showed necrotizing granulomas containing large numbers of
Histoplasma-laden macrophages. However, rare nodes
showed only a minimal reaction to intracellular organisms
present within them.
Several features of gastrointestinal and hepatic histoplasmosis were noted to be different when the immunocompromised adult, children younger than 18 months of age, and
apparently immunocompetent adult patient groups were
compared and analyzed statistically ❚Table 3❚.
Immunocompromised adults and young children were more
likely to have large numbers of organisms (P < .03). Young
children were more likely to have grossly visible lymphoid
hyperplasia of the bowel (P < .01). Immunocompromised
adults were more likely to have grossly normal mucosa in
bowel involved by Histoplasma organisms (P < .05).
Although immunocompromised adults and young children
had more large obstructive masses in the intestine (histoplasmomas) and grossly apparent liver lesions, these numbers
were not statistically significant; however, this may be
because the numbers in the groups were small. Well-formed
granulomas were present in immunocompromised adults and
those adults without known immunodeficiency, but not in
young children; this association also was not statistically
significant. In all 3 groups, many patients presented with
predominantly gastrointestinal or hepatic, rather than
pulmonary, symptoms.
Twenty (80%) of the 25 immunocompromised patients
and 9 (33%) of the 27 patients with no known immunodeficiency had concomitant infections. Coinfections in the
immunocompromised group included strongyloidiasis,
cytomegalovirus infection, candidiasis, herpes simplex virus
infection, Mycobacterium avium-intracellulare infection,
toxoplasmosis, hepatitis B, hepatitis C, hookworm infection,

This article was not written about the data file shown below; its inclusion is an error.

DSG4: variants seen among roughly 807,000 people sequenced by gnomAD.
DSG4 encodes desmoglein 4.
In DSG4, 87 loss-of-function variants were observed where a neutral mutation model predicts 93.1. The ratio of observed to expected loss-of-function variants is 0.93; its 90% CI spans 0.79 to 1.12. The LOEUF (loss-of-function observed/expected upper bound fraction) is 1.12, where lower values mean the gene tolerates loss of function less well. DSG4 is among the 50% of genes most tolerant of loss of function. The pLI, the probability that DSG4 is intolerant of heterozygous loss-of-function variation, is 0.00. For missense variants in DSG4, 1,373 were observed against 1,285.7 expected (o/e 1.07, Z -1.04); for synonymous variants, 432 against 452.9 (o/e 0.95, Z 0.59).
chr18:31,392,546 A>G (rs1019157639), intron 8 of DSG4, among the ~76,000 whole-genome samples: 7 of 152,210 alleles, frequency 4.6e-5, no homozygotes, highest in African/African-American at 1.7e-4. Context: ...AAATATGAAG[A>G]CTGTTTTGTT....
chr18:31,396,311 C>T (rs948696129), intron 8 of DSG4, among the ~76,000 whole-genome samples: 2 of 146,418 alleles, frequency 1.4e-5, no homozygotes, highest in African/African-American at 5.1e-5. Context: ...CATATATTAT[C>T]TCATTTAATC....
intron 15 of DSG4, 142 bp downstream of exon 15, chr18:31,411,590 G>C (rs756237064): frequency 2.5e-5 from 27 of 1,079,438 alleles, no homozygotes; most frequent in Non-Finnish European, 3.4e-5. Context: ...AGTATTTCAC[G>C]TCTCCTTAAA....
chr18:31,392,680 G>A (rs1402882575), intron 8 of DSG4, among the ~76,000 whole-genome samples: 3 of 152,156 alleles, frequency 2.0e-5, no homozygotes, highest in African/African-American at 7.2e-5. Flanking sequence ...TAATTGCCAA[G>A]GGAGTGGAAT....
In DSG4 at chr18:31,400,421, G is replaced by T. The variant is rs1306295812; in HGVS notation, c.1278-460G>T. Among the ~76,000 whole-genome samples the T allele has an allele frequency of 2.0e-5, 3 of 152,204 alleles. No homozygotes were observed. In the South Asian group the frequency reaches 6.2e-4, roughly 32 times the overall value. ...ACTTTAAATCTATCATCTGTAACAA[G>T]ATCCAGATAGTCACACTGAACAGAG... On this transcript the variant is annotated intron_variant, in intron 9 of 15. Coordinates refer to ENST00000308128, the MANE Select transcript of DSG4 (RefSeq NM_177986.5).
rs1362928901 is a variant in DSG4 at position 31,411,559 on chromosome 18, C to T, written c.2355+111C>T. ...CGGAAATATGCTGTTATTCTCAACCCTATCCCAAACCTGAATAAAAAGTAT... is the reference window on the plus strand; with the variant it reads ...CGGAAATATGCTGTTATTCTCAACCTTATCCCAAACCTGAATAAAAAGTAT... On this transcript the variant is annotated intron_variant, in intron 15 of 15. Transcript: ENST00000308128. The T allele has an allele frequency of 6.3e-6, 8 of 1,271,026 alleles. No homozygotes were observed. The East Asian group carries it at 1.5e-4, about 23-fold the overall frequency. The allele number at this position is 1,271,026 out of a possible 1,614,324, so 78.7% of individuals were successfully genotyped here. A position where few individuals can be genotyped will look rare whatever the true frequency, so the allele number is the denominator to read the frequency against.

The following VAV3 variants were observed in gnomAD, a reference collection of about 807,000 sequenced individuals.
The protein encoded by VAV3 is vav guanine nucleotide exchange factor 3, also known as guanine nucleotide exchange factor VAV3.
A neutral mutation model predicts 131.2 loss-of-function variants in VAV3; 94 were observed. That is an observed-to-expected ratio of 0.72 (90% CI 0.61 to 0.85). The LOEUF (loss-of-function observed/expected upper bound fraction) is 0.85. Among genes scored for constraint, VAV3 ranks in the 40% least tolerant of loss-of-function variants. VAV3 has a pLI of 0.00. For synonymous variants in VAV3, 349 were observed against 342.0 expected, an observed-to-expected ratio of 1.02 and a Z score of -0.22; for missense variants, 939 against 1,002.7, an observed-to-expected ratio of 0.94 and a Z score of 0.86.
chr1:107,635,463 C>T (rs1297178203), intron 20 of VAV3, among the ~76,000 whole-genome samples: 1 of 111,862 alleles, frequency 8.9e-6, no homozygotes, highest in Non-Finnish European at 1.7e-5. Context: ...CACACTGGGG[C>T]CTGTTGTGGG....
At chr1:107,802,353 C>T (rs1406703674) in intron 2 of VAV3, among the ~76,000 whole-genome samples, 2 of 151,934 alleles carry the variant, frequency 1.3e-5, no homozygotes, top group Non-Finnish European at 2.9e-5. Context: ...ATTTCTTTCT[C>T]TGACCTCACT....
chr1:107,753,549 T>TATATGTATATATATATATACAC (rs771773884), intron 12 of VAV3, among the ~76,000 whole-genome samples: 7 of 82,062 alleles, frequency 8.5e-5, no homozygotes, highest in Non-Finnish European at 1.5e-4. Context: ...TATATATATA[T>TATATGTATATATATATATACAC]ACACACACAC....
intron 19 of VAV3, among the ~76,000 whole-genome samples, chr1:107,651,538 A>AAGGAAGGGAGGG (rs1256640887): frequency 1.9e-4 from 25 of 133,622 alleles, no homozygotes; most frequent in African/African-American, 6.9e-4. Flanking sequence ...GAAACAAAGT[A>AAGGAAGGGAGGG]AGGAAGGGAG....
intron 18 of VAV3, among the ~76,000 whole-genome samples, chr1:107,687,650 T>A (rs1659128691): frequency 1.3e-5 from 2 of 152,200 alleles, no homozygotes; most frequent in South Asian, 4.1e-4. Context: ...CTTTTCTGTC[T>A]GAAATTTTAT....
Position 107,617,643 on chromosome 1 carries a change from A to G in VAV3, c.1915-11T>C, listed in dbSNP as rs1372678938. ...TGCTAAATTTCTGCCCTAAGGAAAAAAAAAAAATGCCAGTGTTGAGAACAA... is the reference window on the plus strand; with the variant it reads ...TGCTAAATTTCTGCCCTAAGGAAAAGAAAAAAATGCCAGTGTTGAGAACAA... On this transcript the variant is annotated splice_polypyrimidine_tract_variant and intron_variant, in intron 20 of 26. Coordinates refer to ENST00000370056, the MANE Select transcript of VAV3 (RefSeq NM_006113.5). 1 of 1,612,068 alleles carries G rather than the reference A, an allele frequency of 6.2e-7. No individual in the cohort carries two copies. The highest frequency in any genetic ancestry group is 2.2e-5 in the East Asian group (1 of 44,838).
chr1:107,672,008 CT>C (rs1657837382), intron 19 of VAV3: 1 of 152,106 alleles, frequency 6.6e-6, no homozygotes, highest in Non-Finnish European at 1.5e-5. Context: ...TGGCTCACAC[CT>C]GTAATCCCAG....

Pneumocystis carinii pneumonia, aspergillosis, and Whipple
disease. Concomitant infections in the group with no known
immunodeficiency were predominantly bacterial and
included staphylococcal sepsis, Escherichia coli sepsis, pneumonia due to Pseudomonas organisms, and sepsis due to
Klebsiella organisms; 1 case of measles and 1 case of
cytomegalovirus esophagitis also were present in this group.
Our findings emphasize that although histoplasmosis
generally is regarded as a “granulomatous” disease, a wide
© American Society of Clinical Pathologists
Microbiology and Infectious Disease / ORIGINAL ARTICLE
❚Image 7❚ A, This liver tissue appears congested but contains no significant inflammation (H&E, ×40). B, Fungi in portal tracts
and sinusoids (Gomori methenamine silver, ×40).
❚Table 3❚
Selected Features of Gastrointestinal and Hepatic Histoplasmosis in Immunocompetent and Immunocompromised Patients*
Immunocompetent Adults
(Older Than 10 y; n = 10)
Obstructive intestinal mass
Gross intestinal ulceration
Grossly normal gut mucosa†
Lymphoid hyperplasia†
Well-formed gut granulomas
Gross liver lesions
Well-formed hepatic granulomas
Gastrointestinal or hepatic presenting symptoms
Large no. of organisms†
0 (0)
5 (50)
1 (10)
0 (0)
2 (20
0 (0)
1 (10)
3 (30)
0 (0)
Younger Than 18 mo
(n = 17)
1 (6)
8 (47)
1 (6)
7 (41) P < .01
0 (0)
2 (12)
1 (6)
8 (47)
8 (47) P < .03
Adults (n = 25)
2 (8)
10 (40)
9 (36) P < .05
0 (0)
2 (8)